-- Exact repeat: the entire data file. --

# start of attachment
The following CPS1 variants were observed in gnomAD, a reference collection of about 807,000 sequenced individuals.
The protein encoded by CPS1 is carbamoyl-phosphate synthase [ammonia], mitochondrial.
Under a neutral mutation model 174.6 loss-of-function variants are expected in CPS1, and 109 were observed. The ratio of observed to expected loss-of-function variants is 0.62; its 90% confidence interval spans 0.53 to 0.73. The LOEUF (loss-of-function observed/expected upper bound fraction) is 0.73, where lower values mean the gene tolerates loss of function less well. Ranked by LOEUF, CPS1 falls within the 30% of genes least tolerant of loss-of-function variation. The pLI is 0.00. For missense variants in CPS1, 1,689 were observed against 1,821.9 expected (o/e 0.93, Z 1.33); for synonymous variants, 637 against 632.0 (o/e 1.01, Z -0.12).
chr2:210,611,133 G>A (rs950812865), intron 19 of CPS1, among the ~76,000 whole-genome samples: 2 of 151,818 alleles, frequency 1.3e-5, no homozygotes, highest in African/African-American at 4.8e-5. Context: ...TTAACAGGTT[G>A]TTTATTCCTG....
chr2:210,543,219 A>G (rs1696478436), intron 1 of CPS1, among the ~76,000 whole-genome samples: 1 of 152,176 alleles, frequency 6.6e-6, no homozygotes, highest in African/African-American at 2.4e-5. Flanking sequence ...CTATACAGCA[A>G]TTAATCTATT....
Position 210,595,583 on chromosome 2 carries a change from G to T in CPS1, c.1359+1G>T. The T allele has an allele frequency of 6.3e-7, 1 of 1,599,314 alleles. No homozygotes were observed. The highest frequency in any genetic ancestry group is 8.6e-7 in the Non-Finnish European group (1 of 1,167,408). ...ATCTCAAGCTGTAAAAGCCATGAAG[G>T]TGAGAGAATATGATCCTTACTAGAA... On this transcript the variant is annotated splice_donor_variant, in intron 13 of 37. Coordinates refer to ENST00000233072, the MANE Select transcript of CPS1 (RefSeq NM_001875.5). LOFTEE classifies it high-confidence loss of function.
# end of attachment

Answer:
The following CPS1 variants were observed in gnomAD, a reference collection of about 807,000 sequenced individuals.
The protein encoded by CPS1 is carbamoyl-phosphate synthase [ammonia], mitochondrial.
Under a neutral mutation model 174.6 loss-of-function variants are expected in CPS1, and 109 were observed. The ratio of observed to expected loss-of-function variants is 0.62; its 90% confidence interval spans 0.53 to 0.73. The LOEUF (loss-of-function observed/expected upper bound fraction) is 0.73, where lower values mean the gene tolerates loss of function less well. Ranked by LOEUF, CPS1 falls within the 30% of genes least tolerant of loss-of-function variation. The pLI is 0.00. For missense variants in CPS1, 1,689 were observed against 1,821.9 expected (o/e 0.93, Z 1.33); for synonymous variants, 637 against 632.0 (o/e 1.01, Z -0.12).
chr2:210,611,133 G>A (rs950812865), intron 19 of CPS1, among the ~76,000 whole-genome samples: 2 of 151,818 alleles, frequency 1.3e-5, no homozygotes, highest in African/African-American at 4.8e-5. Context: ...TTAACAGGTT[G>A]TTTATTCCTG....
chr2:210,543,219 A>G (rs1696478436), intron 1 of CPS1, among the ~76,000 whole-genome samples: 1 of 152,176 alleles, frequency 6.6e-6, no homozygotes, highest in African/African-American at 2.4e-5. Flanking sequence ...CTATACAGCA[A>G]TTAATCTATT....
Position 210,595,583 on chromosome 2 carries a change from G to T in CPS1, c.1359+1G>T. The T allele has an allele frequency of 6.3e-7, 1 of 1,599,314 alleles. No homozygotes were observed. The highest frequency in any genetic ancestry group is 8.6e-7 in the Non-Finnish European group (1 of 1,167,408). ...ATCTCAAGCTGTAAAAGCCATGAAG[G>T]TGAGAGAATATGATCCTTACTAGAA... On this transcript the variant is annotated splice_donor_variant, in intron 13 of 37. Coordinates refer to ENST00000233072, the MANE Select transcript of CPS1 (RefSeq NM_001875.5). LOFTEE classifies it high-confidence loss of function.